Recovery and Service

Over the last month or so I have released many articles telling my story and detailing the phases of my own personal recovery. This last piece is something I had to actively participate in while I was continuing to get sober. However, this doesn’t just apply to people getting sober, I believe this last piece of advice can apply everyone and anyone trying to make their life more fulfilling. As I have stated on multiple occasions, addiction is a very selfish and self-seeking disease. It creates the illusion that the world revolves around the person in active addiction, and blinds them to the fact that nothing could be further from the truth. I say this because I was that addict for nearly a decade, and this was undoubtedly my truth.

This selfishness was a huge part of why I couldn’t get out of my own way. I was a Tasmanian Devil that ran through the lives of the people around me. I think a more fitting analogy would actually be some kind of parasite because I would attach myself to a host and try to get everything I could from them for as long as possible. When the well ran dry and I felt as if I poached everything I could from someone, I would move on to my next victim. I wasn’t purposely going around and doing this, but it was just how my life played out time after time. I was selfish, I was self-seeking and I couldn’t find the version of myself I had lost so many moons ago.

The last, and most important part of me finding myself, was me losing myself in the service of others. We hear stories of people going out of their way to do good deeds for strangers – and I feel justified in saying – it gives us that warm and hopeful feeling inside. In the beginning of my sobriety I needed to find the hope in myself that I could actually follow through with my own personal recovery. Once I had put some real sober time together I needed to find the hope in me that I could become a better person by helping those who needed it. The scales fell away from my eyes at this point and I came to the stark realization that I was not the most important person on earth and I never would be. I had made my peace with that. I also realized that my importance did not come from what I could wrestle away from other people, but instead what I could give to them.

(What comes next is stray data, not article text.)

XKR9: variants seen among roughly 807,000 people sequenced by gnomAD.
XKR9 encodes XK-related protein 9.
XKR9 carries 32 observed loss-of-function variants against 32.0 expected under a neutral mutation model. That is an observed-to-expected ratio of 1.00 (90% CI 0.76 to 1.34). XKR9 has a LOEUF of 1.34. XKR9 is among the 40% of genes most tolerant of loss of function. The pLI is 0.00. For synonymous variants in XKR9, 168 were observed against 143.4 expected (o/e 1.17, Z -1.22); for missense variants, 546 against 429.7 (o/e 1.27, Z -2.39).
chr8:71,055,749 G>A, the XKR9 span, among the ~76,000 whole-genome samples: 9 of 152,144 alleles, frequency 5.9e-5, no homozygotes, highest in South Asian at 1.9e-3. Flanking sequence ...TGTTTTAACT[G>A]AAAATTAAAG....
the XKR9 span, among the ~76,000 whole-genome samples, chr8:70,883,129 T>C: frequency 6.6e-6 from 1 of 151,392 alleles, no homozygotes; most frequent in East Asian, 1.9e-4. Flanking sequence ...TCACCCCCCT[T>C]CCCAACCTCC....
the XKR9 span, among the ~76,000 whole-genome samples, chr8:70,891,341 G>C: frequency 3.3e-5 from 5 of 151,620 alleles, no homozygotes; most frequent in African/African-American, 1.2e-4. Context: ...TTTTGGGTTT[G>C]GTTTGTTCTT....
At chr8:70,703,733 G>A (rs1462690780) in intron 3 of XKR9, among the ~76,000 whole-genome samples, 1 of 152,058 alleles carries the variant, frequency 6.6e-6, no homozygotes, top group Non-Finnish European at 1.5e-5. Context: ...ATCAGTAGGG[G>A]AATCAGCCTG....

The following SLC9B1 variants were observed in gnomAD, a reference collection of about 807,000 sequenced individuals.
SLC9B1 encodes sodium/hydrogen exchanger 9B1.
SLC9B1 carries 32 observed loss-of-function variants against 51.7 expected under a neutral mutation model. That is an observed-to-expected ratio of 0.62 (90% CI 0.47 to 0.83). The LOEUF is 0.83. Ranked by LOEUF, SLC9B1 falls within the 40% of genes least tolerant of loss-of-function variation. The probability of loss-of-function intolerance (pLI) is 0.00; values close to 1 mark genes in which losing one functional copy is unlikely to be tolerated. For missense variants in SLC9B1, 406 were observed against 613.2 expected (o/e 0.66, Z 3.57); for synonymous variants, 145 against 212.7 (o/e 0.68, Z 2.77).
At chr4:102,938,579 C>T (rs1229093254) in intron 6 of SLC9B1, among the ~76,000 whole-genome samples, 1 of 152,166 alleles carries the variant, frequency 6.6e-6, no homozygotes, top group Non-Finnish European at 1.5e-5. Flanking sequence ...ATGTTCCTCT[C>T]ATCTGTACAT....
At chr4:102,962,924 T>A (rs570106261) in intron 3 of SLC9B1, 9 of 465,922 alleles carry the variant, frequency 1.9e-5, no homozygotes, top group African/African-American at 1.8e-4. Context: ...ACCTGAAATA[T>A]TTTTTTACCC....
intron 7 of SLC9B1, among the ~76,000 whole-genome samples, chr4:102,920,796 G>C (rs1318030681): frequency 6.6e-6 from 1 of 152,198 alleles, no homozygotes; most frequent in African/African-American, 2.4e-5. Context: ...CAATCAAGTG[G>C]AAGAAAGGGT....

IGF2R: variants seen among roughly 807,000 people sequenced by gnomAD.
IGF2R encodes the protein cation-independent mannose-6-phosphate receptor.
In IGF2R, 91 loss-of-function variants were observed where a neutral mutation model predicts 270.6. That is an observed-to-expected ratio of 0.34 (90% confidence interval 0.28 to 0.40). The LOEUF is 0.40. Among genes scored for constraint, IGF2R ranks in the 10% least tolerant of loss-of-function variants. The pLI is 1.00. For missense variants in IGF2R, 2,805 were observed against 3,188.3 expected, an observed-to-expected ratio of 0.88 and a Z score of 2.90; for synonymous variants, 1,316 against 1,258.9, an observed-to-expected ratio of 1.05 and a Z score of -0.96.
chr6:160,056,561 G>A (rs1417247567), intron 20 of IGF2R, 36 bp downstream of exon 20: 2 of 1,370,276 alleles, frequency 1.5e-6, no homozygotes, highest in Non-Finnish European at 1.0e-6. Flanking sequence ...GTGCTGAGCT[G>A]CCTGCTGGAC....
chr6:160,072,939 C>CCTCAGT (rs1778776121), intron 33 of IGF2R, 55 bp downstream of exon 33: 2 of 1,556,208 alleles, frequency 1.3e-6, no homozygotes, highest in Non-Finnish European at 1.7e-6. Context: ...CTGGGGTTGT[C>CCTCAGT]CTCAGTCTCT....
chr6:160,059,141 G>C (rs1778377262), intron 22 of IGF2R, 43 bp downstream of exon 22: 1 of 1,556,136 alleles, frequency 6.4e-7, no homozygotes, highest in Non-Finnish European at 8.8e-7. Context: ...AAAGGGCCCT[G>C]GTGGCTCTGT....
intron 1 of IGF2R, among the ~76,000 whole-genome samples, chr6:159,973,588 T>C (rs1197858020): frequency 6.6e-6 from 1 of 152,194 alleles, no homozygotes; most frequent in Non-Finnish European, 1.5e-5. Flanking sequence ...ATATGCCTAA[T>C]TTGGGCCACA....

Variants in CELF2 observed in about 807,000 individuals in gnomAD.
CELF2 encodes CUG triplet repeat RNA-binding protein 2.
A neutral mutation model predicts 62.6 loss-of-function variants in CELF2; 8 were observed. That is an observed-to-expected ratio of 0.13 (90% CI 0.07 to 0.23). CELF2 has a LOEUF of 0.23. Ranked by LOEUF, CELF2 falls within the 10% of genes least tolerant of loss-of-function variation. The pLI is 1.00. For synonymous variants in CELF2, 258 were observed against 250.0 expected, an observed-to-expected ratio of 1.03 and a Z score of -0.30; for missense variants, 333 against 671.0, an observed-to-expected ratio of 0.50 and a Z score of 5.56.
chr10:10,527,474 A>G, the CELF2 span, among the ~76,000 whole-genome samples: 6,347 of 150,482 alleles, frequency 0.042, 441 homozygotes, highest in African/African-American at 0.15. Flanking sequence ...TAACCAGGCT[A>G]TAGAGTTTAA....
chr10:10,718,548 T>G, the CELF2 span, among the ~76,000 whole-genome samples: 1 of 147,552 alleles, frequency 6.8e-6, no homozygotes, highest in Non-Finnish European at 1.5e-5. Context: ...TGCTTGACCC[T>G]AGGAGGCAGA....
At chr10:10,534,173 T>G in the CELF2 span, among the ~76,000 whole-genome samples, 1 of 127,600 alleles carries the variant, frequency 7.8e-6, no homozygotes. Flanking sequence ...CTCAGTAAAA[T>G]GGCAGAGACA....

Mark Twain said, “The two most important days in your life are the day you are born and the day you find out why.” I have always been big into the idea of self motivation and finding out what drives someone to do the things they do in life. When I finally got sober and realized that I had the ability to tell my story and positively affect those around me, I was sold. Not to mention I had a formal education in Journalism and I had always dreamed of writing for an audience I may be able to help in some way, shape or form. I was born, I was born again in sobriety, and I had figured out that my story should be used to help others find their way – while battling through the disease of addiction.

But it doesn’t stop there. Service is a daily agreement. Service is something that we can do regardless of our background or our upbringing. This is why I believe that this piece of recovery can be used for those struggling with addiction, and also those people who just need to find themselves again. After all, Mahatma Gandhi said, “the best way to find yourself is to lose yourself in the service of others.”

You don’t have to be wealthy to hold the door for someone. But I am positive you’ll feel rich after the deed is done. You don’t have to be happy to smile at someone you pass on the street. But I am positive you will be after they return the favor. You don’t have to feel good about yourself to pay a stranger a compliment. But I am sure you will after you see the impact it had on their day. You don’t have to buy a homeless man a house. But I’m sure he will feel at home when you offer to buy him a hot meal. You don’t have to be an auto mechanic, but I am sure the woman’s tire you changed will treat you like one. You don’t have to change the whole world at once, but I am sure you will be able to find a way to change one person’s whole world.

A Letter to My Brother

I wrote this letter after getting news of the death of my best friend. A man that I looked up to in more ways than I could ever express. I have been thinking about him a lot recently and I wanted to share this so his memory would live on. I wrote this letter and spoke these words at his memorial services this past July. 


A letter to my brother,